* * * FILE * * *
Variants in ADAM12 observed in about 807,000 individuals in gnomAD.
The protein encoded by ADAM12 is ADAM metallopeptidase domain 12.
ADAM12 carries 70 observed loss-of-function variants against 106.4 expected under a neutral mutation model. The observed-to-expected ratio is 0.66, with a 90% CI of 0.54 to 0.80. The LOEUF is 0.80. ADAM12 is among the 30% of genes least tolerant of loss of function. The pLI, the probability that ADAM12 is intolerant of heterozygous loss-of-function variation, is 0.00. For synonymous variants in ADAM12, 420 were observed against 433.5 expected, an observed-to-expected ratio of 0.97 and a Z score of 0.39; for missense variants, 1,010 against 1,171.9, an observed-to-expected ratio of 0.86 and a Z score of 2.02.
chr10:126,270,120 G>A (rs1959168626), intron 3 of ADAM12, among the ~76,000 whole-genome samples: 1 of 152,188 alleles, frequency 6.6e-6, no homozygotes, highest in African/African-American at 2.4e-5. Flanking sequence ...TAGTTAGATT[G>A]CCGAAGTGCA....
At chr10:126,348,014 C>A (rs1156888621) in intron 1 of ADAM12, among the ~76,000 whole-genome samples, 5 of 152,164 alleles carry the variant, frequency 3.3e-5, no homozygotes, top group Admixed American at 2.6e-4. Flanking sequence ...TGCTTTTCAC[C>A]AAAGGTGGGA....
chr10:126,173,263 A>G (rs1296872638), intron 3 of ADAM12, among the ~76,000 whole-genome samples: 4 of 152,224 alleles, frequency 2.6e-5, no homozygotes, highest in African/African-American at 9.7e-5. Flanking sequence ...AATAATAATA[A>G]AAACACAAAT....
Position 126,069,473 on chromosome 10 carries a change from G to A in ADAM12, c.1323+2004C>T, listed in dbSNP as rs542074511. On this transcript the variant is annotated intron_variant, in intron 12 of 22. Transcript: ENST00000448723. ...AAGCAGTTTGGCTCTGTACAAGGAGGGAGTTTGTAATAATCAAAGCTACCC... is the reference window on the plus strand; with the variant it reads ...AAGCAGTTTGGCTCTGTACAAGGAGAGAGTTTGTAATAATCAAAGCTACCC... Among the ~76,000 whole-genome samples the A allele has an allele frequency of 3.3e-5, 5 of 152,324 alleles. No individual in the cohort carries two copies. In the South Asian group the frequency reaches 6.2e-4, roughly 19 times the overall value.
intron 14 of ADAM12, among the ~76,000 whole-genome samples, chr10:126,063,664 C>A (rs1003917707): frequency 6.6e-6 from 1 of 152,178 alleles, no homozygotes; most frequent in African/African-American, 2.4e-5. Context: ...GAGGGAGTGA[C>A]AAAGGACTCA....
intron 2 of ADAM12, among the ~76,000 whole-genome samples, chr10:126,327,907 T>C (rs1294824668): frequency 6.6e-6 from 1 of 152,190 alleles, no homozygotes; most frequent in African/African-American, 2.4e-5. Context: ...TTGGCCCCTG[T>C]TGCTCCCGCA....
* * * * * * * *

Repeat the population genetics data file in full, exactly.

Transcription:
Variants in ADAM12 observed in about 807,000 individuals in gnomAD.
The protein encoded by ADAM12 is ADAM metallopeptidase domain 12.
ADAM12 carries 70 observed loss-of-function variants against 106.4 expected under a neutral mutation model. The observed-to-expected ratio is 0.66, with a 90% CI of 0.54 to 0.80. The LOEUF is 0.80. ADAM12 is among the 30% of genes least tolerant of loss of function. The pLI, the probability that ADAM12 is intolerant of heterozygous loss-of-function variation, is 0.00. For synonymous variants in ADAM12, 420 were observed against 433.5 expected, an observed-to-expected ratio of 0.97 and a Z score of 0.39; for missense variants, 1,010 against 1,171.9, an observed-to-expected ratio of 0.86 and a Z score of 2.02.
chr10:126,270,120 G>A (rs1959168626), intron 3 of ADAM12, among the ~76,000 whole-genome samples: 1 of 152,188 alleles, frequency 6.6e-6, no homozygotes, highest in African/African-American at 2.4e-5. Flanking sequence ...TAGTTAGATT[G>A]CCGAAGTGCA....
At chr10:126,348,014 C>A (rs1156888621) in intron 1 of ADAM12, among the ~76,000 whole-genome samples, 5 of 152,164 alleles carry the variant, frequency 3.3e-5, no homozygotes, top group Admixed American at 2.6e-4. Flanking sequence ...TGCTTTTCAC[C>A]AAAGGTGGGA....
chr10:126,173,263 A>G (rs1296872638), intron 3 of ADAM12, among the ~76,000 whole-genome samples: 4 of 152,224 alleles, frequency 2.6e-5, no homozygotes, highest in African/African-American at 9.7e-5. Flanking sequence ...AATAATAATA[A>G]AAACACAAAT....
Position 126,069,473 on chromosome 10 carries a change from G to A in ADAM12, c.1323+2004C>T, listed in dbSNP as rs542074511. On this transcript the variant is annotated intron_variant, in intron 12 of 22. Transcript: ENST00000448723. ...AAGCAGTTTGGCTCTGTACAAGGAGGGAGTTTGTAATAATCAAAGCTACCC... is the reference window on the plus strand; with the variant it reads ...AAGCAGTTTGGCTCTGTACAAGGAGAGAGTTTGTAATAATCAAAGCTACCC... Among the ~76,000 whole-genome samples the A allele has an allele frequency of 3.3e-5, 5 of 152,324 alleles. No individual in the cohort carries two copies. In the South Asian group the frequency reaches 6.2e-4, roughly 19 times the overall value.
intron 14 of ADAM12, among the ~76,000 whole-genome samples, chr10:126,063,664 C>A (rs1003917707): frequency 6.6e-6 from 1 of 152,178 alleles, no homozygotes; most frequent in African/African-American, 2.4e-5. Context: ...GAGGGAGTGA[C>A]AAAGGACTCA....
intron 2 of ADAM12, among the ~76,000 whole-genome samples, chr10:126,327,907 T>C (rs1294824668): frequency 6.6e-6 from 1 of 152,190 alleles, no homozygotes; most frequent in African/African-American, 2.4e-5. Context: ...TTGGCCCCTG[T>C]TGCTCCCGCA....